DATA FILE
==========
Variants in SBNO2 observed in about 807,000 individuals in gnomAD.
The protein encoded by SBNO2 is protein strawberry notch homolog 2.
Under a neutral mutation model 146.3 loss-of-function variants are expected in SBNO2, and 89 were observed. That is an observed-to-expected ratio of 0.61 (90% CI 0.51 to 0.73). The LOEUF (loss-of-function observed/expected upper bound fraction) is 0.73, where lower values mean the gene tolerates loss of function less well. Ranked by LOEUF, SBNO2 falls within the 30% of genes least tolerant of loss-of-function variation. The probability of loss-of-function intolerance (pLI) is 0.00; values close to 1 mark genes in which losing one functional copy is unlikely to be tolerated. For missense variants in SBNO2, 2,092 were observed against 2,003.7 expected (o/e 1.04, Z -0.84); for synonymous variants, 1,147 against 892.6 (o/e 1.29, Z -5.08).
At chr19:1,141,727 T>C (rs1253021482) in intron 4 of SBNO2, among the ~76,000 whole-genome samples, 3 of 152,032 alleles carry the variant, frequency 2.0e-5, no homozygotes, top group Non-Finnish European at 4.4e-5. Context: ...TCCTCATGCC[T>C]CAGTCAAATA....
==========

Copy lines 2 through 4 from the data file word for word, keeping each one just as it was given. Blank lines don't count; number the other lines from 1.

The protein encoded by SBNO2 is protein strawberry notch homolog 2.
Under a neutral mutation model 146.3 loss-of-function variants are expected in SBNO2, and 89 were observed. That is an observed-to-expected ratio of 0.61 (90% CI 0.51 to 0.73). The LOEUF (loss-of-function observed/expected upper bound fraction) is 0.73, where lower values mean the gene tolerates loss of function less well. Ranked by LOEUF, SBNO2 falls within the 30% of genes least tolerant of loss-of-function variation. The probability of loss-of-function intolerance (pLI) is 0.00; values close to 1 mark genes in which losing one functional copy is unlikely to be tolerated. For missense variants in SBNO2, 2,092 were observed against 2,003.7 expected (o/e 1.04, Z -0.84); for synonymous variants, 1,147 against 892.6 (o/e 1.29, Z -5.08).
At chr19:1,141,727 T>C (rs1253021482) in intron 4 of SBNO2, among the ~76,000 whole-genome samples, 3 of 152,032 alleles carry the variant, frequency 2.0e-5, no homozygotes, top group Non-Finnish European at 4.4e-5. Context: ...TCCTCATGCC[T>C]CAGTCAAATA....